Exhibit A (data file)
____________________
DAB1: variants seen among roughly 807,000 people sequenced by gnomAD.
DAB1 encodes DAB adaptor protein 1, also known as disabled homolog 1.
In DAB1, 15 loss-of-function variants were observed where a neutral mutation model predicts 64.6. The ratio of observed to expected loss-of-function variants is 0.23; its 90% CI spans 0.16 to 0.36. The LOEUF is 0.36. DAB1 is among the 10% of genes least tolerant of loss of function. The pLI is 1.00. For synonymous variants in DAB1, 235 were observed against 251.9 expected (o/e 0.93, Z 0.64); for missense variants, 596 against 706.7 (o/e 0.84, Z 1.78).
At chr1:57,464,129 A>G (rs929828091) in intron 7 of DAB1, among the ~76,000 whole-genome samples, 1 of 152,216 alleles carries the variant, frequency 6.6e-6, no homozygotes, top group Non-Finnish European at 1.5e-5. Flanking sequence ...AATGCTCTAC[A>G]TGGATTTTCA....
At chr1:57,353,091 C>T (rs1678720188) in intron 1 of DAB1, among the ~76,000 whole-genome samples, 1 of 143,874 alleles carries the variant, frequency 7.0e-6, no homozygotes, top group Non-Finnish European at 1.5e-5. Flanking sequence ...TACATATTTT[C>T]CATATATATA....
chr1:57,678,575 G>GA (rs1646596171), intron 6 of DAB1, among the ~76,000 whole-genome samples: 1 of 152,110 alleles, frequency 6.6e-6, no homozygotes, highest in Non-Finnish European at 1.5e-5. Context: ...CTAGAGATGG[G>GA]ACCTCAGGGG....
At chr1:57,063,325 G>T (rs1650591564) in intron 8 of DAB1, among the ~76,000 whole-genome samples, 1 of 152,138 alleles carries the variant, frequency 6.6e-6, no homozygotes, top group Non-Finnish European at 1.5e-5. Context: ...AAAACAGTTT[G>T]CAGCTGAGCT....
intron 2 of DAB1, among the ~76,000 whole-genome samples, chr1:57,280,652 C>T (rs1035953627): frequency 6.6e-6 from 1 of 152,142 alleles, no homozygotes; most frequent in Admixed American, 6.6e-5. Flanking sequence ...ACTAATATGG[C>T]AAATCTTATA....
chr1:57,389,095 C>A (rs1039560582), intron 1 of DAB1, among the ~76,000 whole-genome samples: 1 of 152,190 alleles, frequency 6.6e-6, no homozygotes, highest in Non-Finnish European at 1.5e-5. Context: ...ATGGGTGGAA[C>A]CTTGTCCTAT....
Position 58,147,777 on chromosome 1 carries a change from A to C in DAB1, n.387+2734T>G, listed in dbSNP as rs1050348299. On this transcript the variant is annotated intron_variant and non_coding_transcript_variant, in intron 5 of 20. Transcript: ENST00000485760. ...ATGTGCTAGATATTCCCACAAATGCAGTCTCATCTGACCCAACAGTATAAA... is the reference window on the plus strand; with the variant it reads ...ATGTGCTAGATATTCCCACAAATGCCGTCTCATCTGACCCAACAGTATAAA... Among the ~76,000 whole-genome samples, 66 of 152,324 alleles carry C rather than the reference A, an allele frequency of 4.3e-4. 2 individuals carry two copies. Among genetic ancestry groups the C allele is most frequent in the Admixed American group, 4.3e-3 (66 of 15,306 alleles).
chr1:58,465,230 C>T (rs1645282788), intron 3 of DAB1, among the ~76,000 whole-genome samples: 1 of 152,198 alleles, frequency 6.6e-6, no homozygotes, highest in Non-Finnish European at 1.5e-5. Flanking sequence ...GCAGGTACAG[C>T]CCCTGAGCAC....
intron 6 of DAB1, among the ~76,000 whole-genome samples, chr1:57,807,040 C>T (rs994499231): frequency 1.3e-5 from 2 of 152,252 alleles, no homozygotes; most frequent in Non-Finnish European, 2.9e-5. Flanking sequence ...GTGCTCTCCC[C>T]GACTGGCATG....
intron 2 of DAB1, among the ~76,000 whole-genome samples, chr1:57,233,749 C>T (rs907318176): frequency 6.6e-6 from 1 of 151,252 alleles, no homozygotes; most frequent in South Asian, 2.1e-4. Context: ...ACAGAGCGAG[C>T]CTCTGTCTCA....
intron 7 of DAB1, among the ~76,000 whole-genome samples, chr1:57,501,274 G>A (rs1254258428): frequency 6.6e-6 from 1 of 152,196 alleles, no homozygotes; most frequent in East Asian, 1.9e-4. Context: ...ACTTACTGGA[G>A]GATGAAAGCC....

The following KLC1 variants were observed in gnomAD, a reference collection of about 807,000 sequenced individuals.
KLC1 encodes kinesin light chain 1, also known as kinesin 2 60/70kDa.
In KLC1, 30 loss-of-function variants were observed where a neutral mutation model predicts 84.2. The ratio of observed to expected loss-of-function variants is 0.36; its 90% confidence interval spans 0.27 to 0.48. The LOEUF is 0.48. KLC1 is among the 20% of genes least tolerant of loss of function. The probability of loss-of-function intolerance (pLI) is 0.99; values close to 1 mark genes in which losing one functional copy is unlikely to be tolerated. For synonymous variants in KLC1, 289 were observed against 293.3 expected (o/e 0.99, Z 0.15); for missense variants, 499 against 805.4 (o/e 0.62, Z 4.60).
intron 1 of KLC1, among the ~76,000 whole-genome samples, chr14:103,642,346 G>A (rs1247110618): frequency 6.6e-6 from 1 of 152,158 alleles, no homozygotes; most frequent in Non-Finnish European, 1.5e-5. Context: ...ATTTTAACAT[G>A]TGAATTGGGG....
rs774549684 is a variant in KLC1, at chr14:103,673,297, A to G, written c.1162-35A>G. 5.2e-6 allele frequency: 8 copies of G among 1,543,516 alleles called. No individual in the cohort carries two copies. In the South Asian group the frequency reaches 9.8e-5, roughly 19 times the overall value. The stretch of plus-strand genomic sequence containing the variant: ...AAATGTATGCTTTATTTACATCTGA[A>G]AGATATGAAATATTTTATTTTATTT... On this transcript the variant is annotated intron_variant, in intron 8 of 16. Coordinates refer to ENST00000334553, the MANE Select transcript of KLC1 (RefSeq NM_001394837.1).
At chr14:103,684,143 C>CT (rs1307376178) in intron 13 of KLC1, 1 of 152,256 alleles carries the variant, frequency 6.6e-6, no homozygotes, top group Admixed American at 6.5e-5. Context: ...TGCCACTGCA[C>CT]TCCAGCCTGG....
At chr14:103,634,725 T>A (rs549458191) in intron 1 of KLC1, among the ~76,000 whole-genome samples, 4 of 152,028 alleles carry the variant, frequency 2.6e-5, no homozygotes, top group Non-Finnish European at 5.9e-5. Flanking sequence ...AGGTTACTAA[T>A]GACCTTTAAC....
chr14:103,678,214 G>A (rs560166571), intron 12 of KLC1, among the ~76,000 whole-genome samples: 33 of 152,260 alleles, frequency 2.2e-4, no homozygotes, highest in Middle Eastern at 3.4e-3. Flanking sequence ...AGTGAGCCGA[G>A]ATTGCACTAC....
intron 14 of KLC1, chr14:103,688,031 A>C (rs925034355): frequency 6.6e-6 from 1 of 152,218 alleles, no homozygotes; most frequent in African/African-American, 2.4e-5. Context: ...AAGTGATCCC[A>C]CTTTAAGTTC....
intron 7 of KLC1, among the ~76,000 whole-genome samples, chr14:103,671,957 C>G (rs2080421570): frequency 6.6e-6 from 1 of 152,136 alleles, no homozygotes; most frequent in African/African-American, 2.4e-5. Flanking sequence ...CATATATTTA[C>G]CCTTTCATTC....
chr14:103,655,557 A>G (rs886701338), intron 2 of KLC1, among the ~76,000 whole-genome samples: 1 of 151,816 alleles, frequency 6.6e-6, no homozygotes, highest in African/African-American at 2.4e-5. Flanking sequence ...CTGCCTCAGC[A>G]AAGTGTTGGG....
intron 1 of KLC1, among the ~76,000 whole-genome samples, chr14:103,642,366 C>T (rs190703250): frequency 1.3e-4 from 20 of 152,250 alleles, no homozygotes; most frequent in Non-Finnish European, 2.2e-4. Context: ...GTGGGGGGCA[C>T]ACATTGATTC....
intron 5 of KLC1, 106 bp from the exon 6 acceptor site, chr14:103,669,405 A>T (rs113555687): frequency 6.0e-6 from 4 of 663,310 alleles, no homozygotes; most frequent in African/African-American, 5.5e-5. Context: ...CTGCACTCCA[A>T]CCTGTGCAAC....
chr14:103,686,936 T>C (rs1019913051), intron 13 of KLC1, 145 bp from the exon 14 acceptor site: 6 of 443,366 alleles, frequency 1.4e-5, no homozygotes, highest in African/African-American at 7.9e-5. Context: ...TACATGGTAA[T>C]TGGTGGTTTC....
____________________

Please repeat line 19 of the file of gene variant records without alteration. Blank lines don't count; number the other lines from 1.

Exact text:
rs774549684 is a variant in KLC1, at chr14:103,673,297, A to G, written c.1162-35A>G. 5.2e-6 allele frequency: 8 copies of G among 1,543,516 alleles called. No individual in the cohort carries two copies. In the South Asian group the frequency reaches 9.8e-5, roughly 19 times the overall value. The stretch of plus-strand genomic sequence containing the variant: ...AAATGTATGCTTTATTTACATCTGA[A>G]AGATATGAAATATTTTATTTTATTT... On this transcript the variant is annotated intron_variant, in intron 8 of 16. Coordinates refer to ENST00000334553, the MANE Select transcript of KLC1 (RefSeq NM_001394837.1).